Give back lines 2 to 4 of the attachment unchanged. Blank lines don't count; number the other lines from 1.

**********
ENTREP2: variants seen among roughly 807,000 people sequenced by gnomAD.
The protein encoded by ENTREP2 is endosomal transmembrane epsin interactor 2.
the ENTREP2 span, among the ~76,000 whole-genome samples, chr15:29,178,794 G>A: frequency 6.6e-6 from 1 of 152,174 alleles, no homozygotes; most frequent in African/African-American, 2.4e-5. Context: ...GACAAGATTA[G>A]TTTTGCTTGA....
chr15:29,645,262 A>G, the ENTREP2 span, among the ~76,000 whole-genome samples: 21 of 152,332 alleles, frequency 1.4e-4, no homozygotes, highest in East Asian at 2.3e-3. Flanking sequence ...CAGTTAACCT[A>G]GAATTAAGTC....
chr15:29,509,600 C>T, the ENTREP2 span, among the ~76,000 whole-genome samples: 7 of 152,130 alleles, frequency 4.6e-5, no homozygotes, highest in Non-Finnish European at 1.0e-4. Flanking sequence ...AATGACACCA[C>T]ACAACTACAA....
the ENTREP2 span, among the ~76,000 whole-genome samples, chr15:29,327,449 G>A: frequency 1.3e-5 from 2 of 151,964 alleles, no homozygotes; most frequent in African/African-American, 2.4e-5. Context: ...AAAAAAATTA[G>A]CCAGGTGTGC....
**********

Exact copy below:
The protein encoded by ENTREP2 is endosomal transmembrane epsin interactor 2.
the ENTREP2 span, among the ~76,000 whole-genome samples, chr15:29,178,794 G>A: frequency 6.6e-6 from 1 of 152,174 alleles, no homozygotes; most frequent in African/African-American, 2.4e-5. Context: ...GACAAGATTA[G>A]TTTTGCTTGA....
chr15:29,645,262 A>G, the ENTREP2 span, among the ~76,000 whole-genome samples: 21 of 152,332 alleles, frequency 1.4e-4, no homozygotes, highest in East Asian at 2.3e-3. Flanking sequence ...CAGTTAACCT[A>G]GAATTAAGTC....